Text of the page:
Thursday, July 28, 2011

Britt & Tinggelbagh

In the Studwell search I learned that my 4x great-grandfather, Gabriel Studwell, had married Agnes Britt and that she was the daughter of Johannes Britt.  Not much to go on, but that hasn’t stopped me yet.

First to Mr. Google for answers, but nothing there except online trees I’ve learned to look at only as a last resort.  So on to ancestry.com and a Britt family tree there.  I still don’t have a lot of confidence in trees that use other trees as the source, but it did have a birth date (1742), a marriage date (1770), and mother’s name (Eva Tinggelbagh).  The dates are consistent with her husband’s dates, so the information was worth investigating to see if I could find something other than an online tree.

I decided to go in the back door.  With a name like Tinggelbagh, I figured using that name in an internet search might get me where I needed to go faster.  Sure enough, on a NYGenWeb page was a transcription of a marriage index for Westchester County, NY and it had Johannis Bret and Eva Tinggelbagh.  The NYGenWebber was generous and did look ups of the marriage and baptisms.  The church record indicates Johannis and Eva were living in Phillipsburg, NY and that both were born in Hoghduysland. That seems to be a form of Hoch Deutschland (High Germany, as in the higher altitude of southern Germany, and not the sea level Germany of the north.) And there were baptisms for six children, none of them Agnes.

I went back to a search for Johannes Bret/Britt and then spotted alternate spellings for Eva’s surname—Dinkelbach, Tinggebaugh, Tinchelbach, and Tinkelbaugh, Tinchelbagh, and Tinklepaugh, Tenkelbag.  I found a transcript of Johannes Bret’s will in a NY Historical Society collection of will abstracts and it mentioned his daughter Agnes Steddal (variant of Studwell).  Then, in First Record Book of The Old Dutch Church of Sleepy Hollow, I found the source of information the NYGenWebber had furnished.  In the index it included the variant Brydt so that was a new angle to follow. There was no Agnes Brydt in the church record, but I thought maybe the new spelling could improve other searches.  I’ve looked and looked, but I’ve found nothing more.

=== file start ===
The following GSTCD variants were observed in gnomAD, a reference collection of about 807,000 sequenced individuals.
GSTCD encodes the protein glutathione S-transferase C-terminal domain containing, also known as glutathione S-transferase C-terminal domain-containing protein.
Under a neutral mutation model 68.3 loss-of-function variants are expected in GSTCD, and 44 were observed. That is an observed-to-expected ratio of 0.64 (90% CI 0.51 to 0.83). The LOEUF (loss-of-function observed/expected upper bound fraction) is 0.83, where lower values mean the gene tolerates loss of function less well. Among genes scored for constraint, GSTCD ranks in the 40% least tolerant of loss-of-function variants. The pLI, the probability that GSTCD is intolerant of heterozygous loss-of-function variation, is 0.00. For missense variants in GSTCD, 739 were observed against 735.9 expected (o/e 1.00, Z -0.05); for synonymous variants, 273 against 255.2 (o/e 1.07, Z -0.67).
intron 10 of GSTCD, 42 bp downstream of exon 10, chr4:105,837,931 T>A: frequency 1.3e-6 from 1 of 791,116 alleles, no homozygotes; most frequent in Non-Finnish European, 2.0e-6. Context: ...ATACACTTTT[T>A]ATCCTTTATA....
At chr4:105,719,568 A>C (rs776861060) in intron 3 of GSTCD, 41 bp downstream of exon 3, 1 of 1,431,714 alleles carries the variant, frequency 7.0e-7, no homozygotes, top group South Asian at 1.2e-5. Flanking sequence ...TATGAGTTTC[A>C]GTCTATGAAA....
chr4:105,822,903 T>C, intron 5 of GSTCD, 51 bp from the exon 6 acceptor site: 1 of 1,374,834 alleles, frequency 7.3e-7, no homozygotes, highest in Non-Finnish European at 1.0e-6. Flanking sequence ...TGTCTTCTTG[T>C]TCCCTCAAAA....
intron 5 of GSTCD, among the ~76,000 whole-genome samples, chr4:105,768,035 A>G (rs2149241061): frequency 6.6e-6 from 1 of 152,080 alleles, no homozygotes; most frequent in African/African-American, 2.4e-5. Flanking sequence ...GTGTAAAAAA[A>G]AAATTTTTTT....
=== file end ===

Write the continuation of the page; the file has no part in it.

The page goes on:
So, I don’t know if Johannes was the first Bret/Britt/Brydt to immigrate, but if he was born in 1715, as the online tree suggests, and he got married in 1736, as transcribed from the church record, that would mean he arrived as a child or young man.  I’ve been searching Palantine German records, and the closest I’ve come is a Ludwig Breit and that isn’t even a near miss. 

I did find some immigration information for a Paulus Dinckelbach.  He is in an article in Germanic Genealogist by Henry Jones, “A Partial Listing of the Palatine Families of New York” and in "Emigrants from Germany to Colonial America, 1720-1760, Traced in Their Ancestral Villages (a Partial Listing)" in The Palatine Immigrant by the same author.  Based on the summary he arrived between 1720-1750.  I couldn’t find digital copies so that’s the extent of the clue.  I found several clues in online trees that indicate Paulus is Eva’s father and the first immigrant of the Dinckelbach line, and that he married Eva’s mother in 1723, narrowing his arrival to 1720-1723. 

I’ll guess I’ll just be putting these names in my follow-up for my Palatine German research.

2 comments:

  1. Yes, the current 'accepted' account is that Paulus Dinckelbach is the sole immigrant to the US to account for all Tinklepaugh/Tinggelbagh families in the US today. He would be my great(x6) grandfather There is a tiny town of Dinckelbach Germany near Bonn if you care to visit the source of our name.

    Dave Tinklepaugh

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  2. Thanks for the confirmation and the additional info on the town of origin.

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